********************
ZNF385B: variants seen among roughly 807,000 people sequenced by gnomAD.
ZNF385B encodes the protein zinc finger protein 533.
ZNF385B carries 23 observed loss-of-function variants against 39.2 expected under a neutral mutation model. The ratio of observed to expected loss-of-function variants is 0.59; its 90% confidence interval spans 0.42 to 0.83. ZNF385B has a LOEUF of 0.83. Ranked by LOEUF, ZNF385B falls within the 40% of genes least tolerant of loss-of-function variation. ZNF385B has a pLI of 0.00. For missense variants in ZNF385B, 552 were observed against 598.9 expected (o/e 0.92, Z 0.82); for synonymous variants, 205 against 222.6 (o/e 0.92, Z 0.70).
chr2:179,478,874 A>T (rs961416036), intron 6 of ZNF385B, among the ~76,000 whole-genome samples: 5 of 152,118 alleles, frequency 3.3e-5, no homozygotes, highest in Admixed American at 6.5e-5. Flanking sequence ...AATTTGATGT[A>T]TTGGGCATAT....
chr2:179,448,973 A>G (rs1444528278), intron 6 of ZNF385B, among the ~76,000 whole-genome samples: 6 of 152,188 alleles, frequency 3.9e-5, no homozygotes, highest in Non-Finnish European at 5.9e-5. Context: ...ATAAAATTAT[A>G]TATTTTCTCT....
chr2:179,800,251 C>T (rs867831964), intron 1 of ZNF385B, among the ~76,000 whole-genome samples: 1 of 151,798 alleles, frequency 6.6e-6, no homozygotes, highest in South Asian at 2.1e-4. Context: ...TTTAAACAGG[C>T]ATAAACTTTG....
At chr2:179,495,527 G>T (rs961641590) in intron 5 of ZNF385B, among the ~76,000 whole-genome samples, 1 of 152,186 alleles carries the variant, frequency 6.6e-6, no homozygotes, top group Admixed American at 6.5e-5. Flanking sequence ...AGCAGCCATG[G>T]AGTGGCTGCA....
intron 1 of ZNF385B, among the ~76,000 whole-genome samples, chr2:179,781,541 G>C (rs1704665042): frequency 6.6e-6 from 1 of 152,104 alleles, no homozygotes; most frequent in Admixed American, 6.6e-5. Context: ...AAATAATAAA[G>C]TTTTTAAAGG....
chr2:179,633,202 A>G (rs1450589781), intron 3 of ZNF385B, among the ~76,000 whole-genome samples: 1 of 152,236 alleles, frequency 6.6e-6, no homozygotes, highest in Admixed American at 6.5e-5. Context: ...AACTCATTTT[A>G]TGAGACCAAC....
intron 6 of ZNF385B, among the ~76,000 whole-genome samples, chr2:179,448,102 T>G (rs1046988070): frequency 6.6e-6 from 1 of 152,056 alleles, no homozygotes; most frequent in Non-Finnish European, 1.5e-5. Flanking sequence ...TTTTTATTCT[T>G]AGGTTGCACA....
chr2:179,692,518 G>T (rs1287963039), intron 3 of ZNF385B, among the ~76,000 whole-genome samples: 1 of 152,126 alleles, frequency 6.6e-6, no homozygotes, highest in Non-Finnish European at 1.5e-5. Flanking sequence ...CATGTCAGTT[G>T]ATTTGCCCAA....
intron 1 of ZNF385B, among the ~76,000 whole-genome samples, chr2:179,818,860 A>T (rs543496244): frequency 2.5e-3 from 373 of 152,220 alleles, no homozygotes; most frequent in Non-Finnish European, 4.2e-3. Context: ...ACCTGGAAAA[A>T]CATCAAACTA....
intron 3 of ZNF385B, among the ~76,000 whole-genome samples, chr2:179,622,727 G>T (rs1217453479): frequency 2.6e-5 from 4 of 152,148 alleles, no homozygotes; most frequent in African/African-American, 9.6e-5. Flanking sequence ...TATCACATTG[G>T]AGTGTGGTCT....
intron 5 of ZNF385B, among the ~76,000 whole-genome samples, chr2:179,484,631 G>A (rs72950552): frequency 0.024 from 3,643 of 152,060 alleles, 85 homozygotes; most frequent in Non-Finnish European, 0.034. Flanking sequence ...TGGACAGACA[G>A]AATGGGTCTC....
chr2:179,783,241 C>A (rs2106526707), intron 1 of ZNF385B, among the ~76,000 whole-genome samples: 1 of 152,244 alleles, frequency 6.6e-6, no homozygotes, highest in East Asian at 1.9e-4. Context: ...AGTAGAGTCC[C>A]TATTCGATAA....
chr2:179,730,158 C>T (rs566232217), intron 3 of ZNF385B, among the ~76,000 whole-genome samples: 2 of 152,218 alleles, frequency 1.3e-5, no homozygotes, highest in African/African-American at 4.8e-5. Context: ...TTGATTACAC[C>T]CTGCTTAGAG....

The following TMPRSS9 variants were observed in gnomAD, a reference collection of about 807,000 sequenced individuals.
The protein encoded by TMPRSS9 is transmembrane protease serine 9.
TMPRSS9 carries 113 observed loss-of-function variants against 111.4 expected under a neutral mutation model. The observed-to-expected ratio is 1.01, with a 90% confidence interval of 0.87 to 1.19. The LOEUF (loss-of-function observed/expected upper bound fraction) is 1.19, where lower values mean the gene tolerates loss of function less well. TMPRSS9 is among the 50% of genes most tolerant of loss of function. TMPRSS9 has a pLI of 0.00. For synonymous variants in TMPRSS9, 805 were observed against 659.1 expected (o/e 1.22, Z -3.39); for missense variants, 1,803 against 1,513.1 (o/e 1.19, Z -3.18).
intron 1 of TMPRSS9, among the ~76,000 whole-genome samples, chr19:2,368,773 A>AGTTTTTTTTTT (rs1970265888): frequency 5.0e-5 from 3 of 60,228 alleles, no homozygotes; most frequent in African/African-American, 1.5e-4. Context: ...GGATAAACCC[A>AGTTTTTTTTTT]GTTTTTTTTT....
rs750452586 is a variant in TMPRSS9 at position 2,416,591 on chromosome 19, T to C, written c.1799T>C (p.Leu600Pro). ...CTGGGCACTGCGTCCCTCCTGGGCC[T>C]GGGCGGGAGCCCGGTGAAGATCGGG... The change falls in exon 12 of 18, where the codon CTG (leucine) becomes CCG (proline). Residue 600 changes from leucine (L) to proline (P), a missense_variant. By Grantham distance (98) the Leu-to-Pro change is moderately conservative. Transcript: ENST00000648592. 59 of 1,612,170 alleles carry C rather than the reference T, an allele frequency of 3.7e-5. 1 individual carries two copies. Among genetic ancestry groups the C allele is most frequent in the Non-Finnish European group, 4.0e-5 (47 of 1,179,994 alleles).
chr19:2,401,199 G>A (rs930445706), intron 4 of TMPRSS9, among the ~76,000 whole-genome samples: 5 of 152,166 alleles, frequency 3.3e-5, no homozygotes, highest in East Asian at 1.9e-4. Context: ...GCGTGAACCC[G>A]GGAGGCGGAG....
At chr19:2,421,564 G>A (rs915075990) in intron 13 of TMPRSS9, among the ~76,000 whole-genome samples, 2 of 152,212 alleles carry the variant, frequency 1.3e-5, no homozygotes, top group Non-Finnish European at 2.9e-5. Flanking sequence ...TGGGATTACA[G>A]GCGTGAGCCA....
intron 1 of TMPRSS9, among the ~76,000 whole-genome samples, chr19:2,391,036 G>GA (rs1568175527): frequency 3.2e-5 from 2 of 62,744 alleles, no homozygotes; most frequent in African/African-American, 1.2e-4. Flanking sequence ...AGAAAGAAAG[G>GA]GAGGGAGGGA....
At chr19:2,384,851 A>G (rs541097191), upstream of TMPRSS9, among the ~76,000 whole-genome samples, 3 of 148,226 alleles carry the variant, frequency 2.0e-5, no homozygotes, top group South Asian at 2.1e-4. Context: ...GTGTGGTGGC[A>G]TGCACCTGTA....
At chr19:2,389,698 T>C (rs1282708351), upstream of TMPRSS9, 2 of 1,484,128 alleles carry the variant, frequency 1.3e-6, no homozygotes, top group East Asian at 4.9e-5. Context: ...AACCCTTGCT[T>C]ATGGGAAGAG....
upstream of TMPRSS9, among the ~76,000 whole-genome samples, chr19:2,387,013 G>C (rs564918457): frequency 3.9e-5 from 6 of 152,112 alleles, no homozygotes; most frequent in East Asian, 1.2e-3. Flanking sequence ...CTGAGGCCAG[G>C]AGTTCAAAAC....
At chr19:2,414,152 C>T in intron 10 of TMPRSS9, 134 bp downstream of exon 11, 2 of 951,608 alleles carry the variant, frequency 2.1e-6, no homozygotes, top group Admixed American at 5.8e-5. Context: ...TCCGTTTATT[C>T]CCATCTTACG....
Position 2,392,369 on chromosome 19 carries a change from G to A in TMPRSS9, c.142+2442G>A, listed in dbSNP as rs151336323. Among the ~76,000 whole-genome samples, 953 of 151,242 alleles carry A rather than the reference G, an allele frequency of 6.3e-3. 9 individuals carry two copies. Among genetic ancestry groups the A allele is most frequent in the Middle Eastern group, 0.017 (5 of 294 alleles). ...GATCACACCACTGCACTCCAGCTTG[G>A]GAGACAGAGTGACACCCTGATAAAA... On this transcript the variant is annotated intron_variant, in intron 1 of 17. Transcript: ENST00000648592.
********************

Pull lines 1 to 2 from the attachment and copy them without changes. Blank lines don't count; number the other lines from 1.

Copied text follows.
ZNF385B: variants seen among roughly 807,000 people sequenced by gnomAD.
ZNF385B encodes the protein zinc finger protein 533.